PARTICIPANTS

• Any number

• Suitable for anyone who has to speak to groups

TIME

RESOURCES

90 minutes

• Flipchart stand, paper, and markers

• Pencils or pens for participants

• Notepaper for participants

• One copy of Handouts 50.1 and 50.2 for each

participant

• One copy of the Trainer’s Notes

METHOD

AND NOTES

Step 1: Introduce the activity.

• As speakers, we often delude ourselves that our

words have been understood by our listeners in the way we intended. This is not always the case, however. Misunderstandings occur or there might be a communication breakdown. This can happen in many ways. Perhaps we have not said what we meant to convey, or our words have been misinterpreted by our listeners.

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Activity 32: Perceptions

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32 Perceptions

DESCRIPTION

OBJECTIVES

This activity enables participants to examine the accuracy of self-perception measured against the perceptions of others.

By the end of this activity, participants will:

• Understand the factors that contribute to others’

perceptions of us.

• Be more aware of the assumptions on which first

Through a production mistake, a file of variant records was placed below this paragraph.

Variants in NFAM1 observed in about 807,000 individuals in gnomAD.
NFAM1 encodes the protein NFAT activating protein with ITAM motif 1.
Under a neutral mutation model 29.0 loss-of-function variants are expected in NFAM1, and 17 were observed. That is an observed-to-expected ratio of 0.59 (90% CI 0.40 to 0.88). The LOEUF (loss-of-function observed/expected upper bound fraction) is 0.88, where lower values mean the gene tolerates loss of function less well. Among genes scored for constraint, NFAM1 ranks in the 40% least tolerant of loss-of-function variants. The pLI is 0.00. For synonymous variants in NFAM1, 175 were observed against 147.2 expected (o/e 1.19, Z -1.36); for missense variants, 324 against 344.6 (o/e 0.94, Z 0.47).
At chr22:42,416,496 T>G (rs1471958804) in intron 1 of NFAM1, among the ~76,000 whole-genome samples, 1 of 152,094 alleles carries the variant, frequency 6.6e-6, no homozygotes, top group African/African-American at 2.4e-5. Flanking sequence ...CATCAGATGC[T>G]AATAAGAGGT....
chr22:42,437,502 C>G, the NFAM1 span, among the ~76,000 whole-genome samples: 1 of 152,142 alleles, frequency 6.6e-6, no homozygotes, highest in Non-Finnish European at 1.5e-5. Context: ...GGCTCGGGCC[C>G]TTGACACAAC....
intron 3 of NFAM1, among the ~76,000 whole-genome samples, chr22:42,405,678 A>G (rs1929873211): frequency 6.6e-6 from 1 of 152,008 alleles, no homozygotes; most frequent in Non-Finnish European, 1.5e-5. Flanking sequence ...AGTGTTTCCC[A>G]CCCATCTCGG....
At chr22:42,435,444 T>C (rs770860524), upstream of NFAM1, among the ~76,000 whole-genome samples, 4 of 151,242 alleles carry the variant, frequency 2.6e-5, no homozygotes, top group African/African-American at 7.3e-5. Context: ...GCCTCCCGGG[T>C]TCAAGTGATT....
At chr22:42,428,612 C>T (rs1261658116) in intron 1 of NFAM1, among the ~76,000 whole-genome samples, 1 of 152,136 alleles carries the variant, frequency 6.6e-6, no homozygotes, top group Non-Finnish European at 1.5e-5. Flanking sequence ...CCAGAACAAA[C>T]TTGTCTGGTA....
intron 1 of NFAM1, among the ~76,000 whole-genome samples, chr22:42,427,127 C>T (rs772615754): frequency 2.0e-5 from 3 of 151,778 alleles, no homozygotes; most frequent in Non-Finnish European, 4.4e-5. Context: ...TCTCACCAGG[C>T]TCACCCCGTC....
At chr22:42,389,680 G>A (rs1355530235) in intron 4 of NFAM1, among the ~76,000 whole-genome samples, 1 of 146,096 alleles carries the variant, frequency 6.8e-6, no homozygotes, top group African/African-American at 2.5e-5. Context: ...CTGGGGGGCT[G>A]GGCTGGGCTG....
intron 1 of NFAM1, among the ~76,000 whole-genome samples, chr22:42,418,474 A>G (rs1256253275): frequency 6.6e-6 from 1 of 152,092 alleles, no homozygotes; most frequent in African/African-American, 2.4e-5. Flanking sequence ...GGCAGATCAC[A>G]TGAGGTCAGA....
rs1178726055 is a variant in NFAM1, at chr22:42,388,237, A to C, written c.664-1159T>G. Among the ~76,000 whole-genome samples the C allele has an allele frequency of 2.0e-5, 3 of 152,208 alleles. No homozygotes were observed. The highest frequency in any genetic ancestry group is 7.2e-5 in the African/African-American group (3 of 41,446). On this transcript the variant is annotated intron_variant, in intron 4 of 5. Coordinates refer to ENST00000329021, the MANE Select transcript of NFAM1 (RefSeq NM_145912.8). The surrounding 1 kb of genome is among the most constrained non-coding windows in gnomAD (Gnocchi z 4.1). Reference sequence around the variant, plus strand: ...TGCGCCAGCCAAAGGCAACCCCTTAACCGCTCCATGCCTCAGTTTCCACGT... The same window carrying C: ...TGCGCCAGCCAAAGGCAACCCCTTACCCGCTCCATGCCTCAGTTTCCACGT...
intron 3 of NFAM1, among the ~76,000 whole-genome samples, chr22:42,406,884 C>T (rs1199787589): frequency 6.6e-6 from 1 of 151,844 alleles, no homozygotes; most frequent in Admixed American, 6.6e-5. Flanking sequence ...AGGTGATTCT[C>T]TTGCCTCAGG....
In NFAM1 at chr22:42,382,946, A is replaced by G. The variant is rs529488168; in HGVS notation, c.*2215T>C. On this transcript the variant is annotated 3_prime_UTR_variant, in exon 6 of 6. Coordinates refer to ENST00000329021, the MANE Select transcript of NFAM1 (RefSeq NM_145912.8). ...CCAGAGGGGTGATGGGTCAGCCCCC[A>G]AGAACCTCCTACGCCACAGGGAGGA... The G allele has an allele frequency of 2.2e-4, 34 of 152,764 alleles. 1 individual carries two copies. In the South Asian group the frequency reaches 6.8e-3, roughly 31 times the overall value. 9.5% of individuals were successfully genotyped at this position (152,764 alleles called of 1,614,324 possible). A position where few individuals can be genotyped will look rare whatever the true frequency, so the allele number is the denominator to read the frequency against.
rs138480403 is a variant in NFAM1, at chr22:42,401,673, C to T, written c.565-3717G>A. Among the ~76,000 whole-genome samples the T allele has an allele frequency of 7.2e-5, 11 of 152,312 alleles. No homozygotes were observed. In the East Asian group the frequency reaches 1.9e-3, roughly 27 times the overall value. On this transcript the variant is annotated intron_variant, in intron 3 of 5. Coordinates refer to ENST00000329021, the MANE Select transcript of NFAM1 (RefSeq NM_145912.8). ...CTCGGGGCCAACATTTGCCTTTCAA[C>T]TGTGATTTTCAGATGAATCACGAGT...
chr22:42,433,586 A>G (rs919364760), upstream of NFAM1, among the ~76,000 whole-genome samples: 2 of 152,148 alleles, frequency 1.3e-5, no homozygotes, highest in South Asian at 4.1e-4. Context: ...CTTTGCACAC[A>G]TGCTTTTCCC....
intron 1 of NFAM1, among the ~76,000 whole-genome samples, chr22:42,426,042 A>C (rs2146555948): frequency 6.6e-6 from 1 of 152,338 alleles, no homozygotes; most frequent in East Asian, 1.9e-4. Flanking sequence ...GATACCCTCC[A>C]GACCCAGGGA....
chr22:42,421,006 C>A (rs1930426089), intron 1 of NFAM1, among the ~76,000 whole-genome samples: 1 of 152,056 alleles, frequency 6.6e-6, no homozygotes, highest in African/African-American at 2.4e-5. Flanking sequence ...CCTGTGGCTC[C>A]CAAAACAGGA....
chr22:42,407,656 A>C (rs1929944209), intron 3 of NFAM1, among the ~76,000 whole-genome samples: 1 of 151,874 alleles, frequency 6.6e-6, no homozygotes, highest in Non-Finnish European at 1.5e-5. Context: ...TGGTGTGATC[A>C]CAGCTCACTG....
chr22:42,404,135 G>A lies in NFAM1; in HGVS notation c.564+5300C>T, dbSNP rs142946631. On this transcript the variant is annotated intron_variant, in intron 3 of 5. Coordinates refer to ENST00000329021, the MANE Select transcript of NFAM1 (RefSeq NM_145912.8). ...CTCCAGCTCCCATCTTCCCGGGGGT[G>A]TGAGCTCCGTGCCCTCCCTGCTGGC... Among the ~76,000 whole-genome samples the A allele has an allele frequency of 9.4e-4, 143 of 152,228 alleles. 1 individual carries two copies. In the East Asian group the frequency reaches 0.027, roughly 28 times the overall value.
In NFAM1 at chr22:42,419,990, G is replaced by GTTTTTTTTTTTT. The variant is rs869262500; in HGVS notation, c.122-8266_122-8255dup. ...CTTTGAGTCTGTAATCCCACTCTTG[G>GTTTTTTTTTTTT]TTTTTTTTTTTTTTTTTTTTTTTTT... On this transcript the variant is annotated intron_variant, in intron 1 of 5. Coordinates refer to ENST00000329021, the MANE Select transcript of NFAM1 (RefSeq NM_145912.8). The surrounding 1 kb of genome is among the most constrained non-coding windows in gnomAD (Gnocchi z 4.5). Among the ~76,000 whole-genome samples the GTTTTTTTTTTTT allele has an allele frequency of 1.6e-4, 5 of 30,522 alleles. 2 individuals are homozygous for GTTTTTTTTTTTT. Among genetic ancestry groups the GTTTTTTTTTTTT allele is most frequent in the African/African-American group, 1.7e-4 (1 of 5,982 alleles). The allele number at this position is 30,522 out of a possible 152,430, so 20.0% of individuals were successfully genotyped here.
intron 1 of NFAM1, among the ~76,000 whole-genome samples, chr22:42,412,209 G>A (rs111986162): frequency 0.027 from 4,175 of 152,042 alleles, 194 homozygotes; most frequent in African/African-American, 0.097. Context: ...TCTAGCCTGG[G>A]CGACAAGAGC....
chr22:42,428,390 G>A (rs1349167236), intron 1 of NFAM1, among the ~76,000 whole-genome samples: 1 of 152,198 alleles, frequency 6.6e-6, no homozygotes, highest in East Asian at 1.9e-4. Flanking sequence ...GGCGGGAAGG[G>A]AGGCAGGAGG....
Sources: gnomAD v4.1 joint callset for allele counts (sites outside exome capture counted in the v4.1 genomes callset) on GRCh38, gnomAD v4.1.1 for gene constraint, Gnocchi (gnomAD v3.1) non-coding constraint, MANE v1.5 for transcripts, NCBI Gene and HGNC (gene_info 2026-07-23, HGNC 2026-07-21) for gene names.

impressions are based and the dangers of acting on these assumptions.

• Recognize that how we see ourselves is often very

different from how others see us.

• Understand the importance of first impressions to

the quality of, and progress within, relationships.

PARTICIPANTS

• 6 to 20 participants

• Suitable for participants who are previously

unknown to one another, but especially relevant to sales, counseling, and interviewing courses; one-toone interactions; and group-to-one interactions.

• The activity is best conducted at the end of the first

day or at the beginning of the second day of a training program.

TIME

RESOURCES

2 hours and 30 minutes (including preparation time)

• Sufficient seating and space for a full group

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Activity 37: Self-Disclosure

Sue Bishop HRD Press, Inc. PDF

37 Self-Disclosure

DESCRIPTION

OBJECTIVES

This activity is designed to allow participants to experience and identify the benefits of self-disclosure.

This should be used only where the trainer is confident that the group, and individuals in it, are sufficiently supportive to each other to be able to derive the benefits.

By the end of this activity, participants will:

• Know the value of appropriate self-disclosure as an

aid to decision making.

• Be able to use appropriate self-disclosure as a

means of enhancing interpersonal skills with selected people.

PARTICIPANTS

• 6 to 20 participants (even numbers if possible)

• Suitable for managers and supervisors

TIME

1½ to 2 hours

RESOURCES

One copy of Handouts 37.1 through 37.3 for each participant

METHOD

AND NOTES

Step 1: Introduce the activity.

• The activity is designed to allow participants to

explore self-disclosure as a technique. The emphasis throughout this activity will be on appropriate selfdisclosure. It is not always easy or appropriate to use it, but it can have remarkable benefits when used selectively and with care. It requires a level of trust between the two people who will be involved.